This claim is supposedly grounded in an academic source: Lance deHaven-Smith’s 2013 book Conspiracy Theory in America. But here's the funny part: the conspiracy theorists are misreading a history book to look for a conspiracy.
First, let's look at the meme's claim. The CIA's "Dispatch 1035-960" was attempting to respond to the conspiracy theory of JFK's assassination. According to globalresearch.ca, which claims (incorrectly) to be summarizing the thesis of deHaven-Smith’s book, they recommended tactics like this:
The memorandum lays out a detailed series of actions and techniques
for “countering and discrediting the claims of the conspiracy
theorists, so as to inhibit the circulation of such claims in other
countries.” For example, approaching “friendly elite contacts
(especially politicians and editors)” to remind them of the Warren
Commission’s integrity and soundness should be prioritized. “[T]he
charges of the critics are without serious foundation,” the document
reads, and “further speculative discussion only plays in to the hands
of the [Communist] opposition.”
Sounds pretty serious! And pretty conspiratorial against the theorists! Well, only if you ignore the fact that the concept of a "conspiracy theory" was already current at the time.
The Skeptical Inquirer responded to the meme with a column, "Nope, It Was Always Already Wrong". As the author, Robert Blaskiewicz, notes:
I will not ascribe this claim to deHaven-Smith. I don’t recall him
making the claim that it was invented by the CIA, only that it was
deliberately deployed by the CIA.
Blaskiewicz's counterargument is a good example of Google Books making us more confused rather than less. Blaskiewicz simply cites a bunch of examples of the two words being put together before the 1960s. But that doesn't help us understand how some points of view became labeled as "conspiratorial," and why that developed in the 20th century into a thesis about how conspiracies don't generally happen.
Now, let's see where "conspiracy theory" actually came from. DeHaven-Smith's actual thesis is grounded in the language employed by two intellectuals of the time, Karl Popper and Richard Hofstadter, and especially the latter. Without even reading the book, one English.SE elder wrote in with agreement:
The phrase 'conspiracy theory' was current in legal and historical
discourse well before the 1940s, but usually with reference to a
particular legal point or historical question. The 'conspiracy theory'
of strikes, for instance, was the legal theory that labor unions
constituted a 'conspiracy in restraint of trade'; the 'conspiracy
theory' referred to in Barrie England's quotation from the OED is the
theory that the Kansas-Nebraska Act, which effectively nullified the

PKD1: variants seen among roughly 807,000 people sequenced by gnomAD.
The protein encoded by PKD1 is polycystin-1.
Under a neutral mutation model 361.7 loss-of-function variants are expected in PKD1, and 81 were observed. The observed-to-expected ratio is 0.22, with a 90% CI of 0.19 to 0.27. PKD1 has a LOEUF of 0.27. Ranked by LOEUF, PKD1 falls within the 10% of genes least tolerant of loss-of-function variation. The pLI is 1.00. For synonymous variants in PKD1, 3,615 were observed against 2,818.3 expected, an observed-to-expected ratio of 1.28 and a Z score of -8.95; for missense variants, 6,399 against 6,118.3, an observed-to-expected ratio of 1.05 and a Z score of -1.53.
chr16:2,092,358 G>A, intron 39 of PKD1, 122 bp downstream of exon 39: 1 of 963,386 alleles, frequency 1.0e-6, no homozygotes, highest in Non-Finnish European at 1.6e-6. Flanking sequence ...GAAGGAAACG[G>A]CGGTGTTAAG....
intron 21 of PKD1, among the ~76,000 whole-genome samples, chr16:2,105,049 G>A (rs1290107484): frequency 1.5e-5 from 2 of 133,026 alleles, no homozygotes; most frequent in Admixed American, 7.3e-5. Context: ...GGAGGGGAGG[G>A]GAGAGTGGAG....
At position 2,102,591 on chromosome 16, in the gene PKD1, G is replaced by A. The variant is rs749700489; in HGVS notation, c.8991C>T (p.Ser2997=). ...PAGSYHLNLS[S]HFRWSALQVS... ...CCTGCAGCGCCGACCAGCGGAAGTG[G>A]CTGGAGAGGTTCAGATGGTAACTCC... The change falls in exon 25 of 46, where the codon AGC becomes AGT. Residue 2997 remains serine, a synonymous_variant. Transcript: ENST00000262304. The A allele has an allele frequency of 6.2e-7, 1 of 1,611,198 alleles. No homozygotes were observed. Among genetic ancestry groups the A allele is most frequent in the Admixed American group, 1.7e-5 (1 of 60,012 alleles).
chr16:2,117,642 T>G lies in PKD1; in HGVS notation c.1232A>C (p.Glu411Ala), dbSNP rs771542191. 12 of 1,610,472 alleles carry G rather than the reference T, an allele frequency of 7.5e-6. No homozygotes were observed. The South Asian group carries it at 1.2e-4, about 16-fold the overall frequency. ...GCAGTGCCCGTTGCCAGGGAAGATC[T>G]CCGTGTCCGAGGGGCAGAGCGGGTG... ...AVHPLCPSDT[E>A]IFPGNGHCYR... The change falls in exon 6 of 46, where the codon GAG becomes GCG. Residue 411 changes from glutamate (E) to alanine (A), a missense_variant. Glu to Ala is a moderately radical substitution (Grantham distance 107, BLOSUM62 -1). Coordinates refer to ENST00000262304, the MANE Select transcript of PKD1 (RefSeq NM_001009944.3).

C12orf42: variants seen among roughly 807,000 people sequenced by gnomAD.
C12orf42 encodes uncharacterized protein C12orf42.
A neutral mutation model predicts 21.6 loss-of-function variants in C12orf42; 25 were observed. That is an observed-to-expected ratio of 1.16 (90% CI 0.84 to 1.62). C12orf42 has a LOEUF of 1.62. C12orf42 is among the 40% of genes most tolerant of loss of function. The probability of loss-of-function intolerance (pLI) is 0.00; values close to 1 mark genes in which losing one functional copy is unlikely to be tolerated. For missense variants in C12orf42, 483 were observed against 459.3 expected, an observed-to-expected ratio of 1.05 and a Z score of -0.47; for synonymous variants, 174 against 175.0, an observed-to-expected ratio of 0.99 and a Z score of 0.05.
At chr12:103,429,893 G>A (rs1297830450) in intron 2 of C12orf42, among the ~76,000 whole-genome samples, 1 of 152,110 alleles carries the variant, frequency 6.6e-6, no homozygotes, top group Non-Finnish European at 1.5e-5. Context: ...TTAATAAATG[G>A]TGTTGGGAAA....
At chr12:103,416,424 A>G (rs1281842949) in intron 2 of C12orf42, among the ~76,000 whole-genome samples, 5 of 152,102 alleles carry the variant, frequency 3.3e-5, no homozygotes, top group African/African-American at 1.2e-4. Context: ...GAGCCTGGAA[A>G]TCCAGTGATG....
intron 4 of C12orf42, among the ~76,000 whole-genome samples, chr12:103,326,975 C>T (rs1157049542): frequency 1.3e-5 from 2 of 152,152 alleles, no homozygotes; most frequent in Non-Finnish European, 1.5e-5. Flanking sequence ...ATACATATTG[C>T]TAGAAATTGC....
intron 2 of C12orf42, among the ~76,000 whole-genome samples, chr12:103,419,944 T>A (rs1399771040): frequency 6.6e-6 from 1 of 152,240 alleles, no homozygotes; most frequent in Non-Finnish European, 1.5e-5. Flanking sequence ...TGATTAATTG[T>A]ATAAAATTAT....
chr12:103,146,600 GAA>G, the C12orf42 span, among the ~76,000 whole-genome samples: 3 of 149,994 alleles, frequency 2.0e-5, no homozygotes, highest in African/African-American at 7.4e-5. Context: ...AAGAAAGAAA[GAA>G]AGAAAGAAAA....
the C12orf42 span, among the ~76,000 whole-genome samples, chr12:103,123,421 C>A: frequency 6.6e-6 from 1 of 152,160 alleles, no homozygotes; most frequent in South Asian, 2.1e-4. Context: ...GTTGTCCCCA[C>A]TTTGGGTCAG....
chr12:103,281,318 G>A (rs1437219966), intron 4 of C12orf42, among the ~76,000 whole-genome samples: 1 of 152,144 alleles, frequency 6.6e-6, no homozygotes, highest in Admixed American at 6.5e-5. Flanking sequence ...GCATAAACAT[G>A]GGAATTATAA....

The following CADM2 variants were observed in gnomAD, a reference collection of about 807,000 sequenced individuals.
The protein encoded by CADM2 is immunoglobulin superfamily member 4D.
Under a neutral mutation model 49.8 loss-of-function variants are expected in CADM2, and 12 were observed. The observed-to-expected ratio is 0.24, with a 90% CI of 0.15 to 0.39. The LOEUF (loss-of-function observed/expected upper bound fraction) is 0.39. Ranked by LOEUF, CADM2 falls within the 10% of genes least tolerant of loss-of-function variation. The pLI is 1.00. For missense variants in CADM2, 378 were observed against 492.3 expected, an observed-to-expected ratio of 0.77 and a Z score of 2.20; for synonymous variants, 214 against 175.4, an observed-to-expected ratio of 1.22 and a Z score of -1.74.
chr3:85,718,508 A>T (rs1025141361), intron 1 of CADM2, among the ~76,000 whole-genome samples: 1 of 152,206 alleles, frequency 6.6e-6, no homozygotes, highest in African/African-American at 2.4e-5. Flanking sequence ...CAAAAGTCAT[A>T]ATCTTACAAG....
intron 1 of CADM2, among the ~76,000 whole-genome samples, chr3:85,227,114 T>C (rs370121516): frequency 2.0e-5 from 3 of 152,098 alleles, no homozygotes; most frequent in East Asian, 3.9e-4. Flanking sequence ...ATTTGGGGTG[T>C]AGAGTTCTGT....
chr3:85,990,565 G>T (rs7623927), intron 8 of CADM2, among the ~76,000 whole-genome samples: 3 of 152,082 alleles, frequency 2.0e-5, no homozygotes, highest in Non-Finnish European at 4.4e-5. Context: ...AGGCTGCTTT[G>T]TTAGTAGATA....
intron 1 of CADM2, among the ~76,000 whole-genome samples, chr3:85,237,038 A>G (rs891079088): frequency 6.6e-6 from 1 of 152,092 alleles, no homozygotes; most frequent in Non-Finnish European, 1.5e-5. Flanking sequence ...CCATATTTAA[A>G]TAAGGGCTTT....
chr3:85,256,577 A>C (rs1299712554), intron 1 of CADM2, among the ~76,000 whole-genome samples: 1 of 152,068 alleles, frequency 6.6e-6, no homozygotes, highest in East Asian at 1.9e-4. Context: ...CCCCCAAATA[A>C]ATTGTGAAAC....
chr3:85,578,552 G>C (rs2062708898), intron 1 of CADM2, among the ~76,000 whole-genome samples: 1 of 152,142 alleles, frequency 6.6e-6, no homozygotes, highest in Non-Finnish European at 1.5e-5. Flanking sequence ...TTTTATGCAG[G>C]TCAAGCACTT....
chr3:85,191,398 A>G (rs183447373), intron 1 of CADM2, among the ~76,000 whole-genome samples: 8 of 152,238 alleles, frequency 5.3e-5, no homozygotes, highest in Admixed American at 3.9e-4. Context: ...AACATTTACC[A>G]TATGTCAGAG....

Missouri Compromise, was engineered by a cabal of Missouri politicians
to destroy the political influence of Senator Thomas Hart Benton.
Charles Beard's claim that the 14th Amendment had been 'rigged' to
grant unprecedented rights to corporations came to be known in the
history biz as "The Conspiracy Theory of the 14th Amendment.
I think it's pretty clear from A. Brooks' NGram that Popper's The Open
Society and Its Enemies (1945), which was very widely read in my
generation, kicked off discussion of the "conspiracy theory of
society". But Popper was writing about historiographers; the
widespread notion that conspiracy theories are particularly
characteristic of unlettered radicals seems to have been largely the
work of historian Richard Hofstadter in The Age of Reform, a 1955
study of Populism, and "The Paranoid Style in American Politics"
(1964). Hofstadter scarcely needed CIA support.
And from another answer on the same page, here's what Popper was saying:
OED’s second definition comes before 1964 and is also negative. It
comes from Karl Popper, writing about the “conspiracy theory” of
history, which he associates with people deluded into thinking they
can make “heaven on earth” and need to counter (imagined) conspiracies
with their own.
This sounds like a liberal democrat reading the Communist Manifesto, and I suspect this is not a coincidence.
I have not read Lance deHaven-Smith's book either, but given this material, it seems like he would have a lot of content to work with. I cannot find reviews of the book on Google Scholar, but I find considerable evidence that deHaven-Smith is a responsible scholar and not a crackpot himself.
Here is a review by a conspiracy theorist; I doubt it captures the full intellectual range of the book, but it does show some of the historical ground it covers.
In any case, I think the evidence of deHaven-Smith's book and the English.SE contributors show that the concept of "conspiracy theory" was made popular by Popper, Hofstadter, and several other widely read intellectuals of the Cold War era. The CIA didn't have to come up with a brand new way to discredit theories; simply marking something as a "conspiracy theory" was already in agreement with the Cold War intellectual climate. If you believe that Occam's Razor and democracy produce happier societies than global revolution against the reptilian elite, then you don't need the encouragement of a CIA memo to denounce conspiracy theories.
The CIA repeated the concept, but were their agents able to "popularize" it? Who could possibly know that? This meme's claim is not provable, and in any case wrongheaded. It desires to give us absurdly simplistic evidence for a worldwide conspiracy against conspiracy theories, and in the process of doing so ignores all the intellectual questions about how we perceive that something is a conspiracy theory. After all, even if it's the CIA telling us something, we're the ones who choose to listen.